Aviation Coalition Does Its Part for Alternative Parts
On July 7, ARSA joined six other aviation trade associations in urging Congress to refrain from mandating a duplicative and unnecessary FAA regulation.
Specifically, the coalition is concerned with efforts on Capitol Hill requiring the FAA to initiate a rulemaking pertaining to the identification and marking of “influencing parts.” Joining ARSA on the letter are Airlines for America (A4A), the National Air Transportation Association, the Cargo Airline Association (CAA), the Regional Airline Association (RAA), the National Air Carrier Association (NACA) and the Modification and Replacement Parts Association.
The current regulatory framework, which includes rules and related guidance dealing with all aircraft parts – particularly “life-limited” and so-called “influencing parts” – has a proven safety record. Nonetheless, lawmakers are considering requiring the FAA to expend its limited resources conducting a redundant rulemaking with no benefit to flight safety.
“The FAA has limited resources and many congressional mandates,” the group’s letter said. “Forcing the agency to initiate an unnecessary rulemaking in an area it has already issued regulations and guidance is a misallocation of scarce resources and creates inefficiencies.”
The associations also warned lawmakers that many aviation companies, including small businesses, would ultimately bear the economic burden. “While larger companies can better absorb the rulemaking process’ costs and even unnecessary regulation, those measures have a disproportionate impact on small entities. The bottom line is that no business can afford the time and few have the inclination to respond to and implement redundant rulemaking activities.”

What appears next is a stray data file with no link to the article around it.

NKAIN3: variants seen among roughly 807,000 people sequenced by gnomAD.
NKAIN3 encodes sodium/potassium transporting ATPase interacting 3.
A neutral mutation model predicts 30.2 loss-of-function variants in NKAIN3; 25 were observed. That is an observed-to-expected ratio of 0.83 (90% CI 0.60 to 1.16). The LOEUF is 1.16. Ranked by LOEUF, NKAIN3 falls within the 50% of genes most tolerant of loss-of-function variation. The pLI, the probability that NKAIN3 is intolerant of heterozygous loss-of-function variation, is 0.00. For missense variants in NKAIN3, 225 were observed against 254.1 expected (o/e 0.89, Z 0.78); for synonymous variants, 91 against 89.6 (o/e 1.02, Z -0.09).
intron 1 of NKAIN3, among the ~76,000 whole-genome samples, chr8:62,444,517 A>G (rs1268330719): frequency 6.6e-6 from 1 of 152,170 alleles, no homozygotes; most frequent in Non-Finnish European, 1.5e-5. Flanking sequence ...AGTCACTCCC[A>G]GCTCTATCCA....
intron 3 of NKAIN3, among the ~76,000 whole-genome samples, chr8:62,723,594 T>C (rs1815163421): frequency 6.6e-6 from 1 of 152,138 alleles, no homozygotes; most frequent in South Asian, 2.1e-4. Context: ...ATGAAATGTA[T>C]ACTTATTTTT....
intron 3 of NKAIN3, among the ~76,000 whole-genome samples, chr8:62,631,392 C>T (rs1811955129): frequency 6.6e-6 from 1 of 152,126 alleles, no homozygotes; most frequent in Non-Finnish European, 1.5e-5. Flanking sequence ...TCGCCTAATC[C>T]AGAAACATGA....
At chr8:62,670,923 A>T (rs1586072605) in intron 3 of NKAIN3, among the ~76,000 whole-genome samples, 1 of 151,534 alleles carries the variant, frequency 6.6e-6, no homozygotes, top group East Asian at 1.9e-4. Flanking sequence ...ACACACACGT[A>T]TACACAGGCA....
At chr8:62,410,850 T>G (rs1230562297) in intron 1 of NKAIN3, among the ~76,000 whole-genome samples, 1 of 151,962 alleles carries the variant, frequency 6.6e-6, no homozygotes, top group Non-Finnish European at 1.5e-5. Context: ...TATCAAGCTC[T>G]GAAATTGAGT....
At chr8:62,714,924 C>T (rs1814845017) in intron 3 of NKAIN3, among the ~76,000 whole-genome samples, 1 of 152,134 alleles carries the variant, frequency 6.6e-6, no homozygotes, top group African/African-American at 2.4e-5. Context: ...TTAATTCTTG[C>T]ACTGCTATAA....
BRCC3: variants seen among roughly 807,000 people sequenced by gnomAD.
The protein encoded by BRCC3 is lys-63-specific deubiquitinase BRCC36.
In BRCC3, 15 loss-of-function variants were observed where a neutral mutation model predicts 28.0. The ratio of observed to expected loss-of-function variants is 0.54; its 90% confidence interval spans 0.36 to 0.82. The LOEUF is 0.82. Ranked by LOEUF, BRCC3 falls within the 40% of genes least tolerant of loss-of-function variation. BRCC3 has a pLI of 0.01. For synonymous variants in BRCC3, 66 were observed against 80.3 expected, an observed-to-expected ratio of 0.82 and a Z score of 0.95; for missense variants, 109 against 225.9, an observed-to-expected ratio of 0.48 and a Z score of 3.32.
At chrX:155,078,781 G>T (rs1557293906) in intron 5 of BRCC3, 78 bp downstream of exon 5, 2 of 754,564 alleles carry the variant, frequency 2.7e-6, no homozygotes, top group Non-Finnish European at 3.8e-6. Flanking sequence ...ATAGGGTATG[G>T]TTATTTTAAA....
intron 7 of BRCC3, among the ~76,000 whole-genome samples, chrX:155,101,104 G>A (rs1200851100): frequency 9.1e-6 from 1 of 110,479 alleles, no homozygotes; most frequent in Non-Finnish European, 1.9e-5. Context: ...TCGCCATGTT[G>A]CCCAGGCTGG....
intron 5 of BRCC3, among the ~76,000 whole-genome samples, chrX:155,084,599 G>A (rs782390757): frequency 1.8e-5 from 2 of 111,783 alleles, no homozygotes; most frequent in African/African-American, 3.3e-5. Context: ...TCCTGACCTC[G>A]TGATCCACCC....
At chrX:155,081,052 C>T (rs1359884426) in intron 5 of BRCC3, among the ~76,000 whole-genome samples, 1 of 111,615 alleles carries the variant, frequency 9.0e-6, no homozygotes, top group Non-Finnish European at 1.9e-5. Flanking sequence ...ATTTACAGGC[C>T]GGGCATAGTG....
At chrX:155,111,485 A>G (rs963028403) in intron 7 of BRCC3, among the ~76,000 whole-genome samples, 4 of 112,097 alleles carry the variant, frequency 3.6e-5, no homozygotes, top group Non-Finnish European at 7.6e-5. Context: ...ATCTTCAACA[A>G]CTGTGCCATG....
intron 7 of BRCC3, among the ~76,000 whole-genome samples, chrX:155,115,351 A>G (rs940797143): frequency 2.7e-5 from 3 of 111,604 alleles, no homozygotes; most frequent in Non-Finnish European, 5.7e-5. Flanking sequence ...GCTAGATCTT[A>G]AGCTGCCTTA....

Daniel B. Fisher, ARSA’s vice president of legislative affairs added: “The FAA doesn’t have the resources to pursue duplicative rulemakings, particularly when there is no benefit to flight safety. Congressional leaders have prioritized an FAA reauthorization framework that will streamline regulatory processes and provide for greater collaboration with industry. Unnecessary rulemakings misdirect limited FAA resources from key safety initiatives and ultimately increase costs for aviation companies and customers.”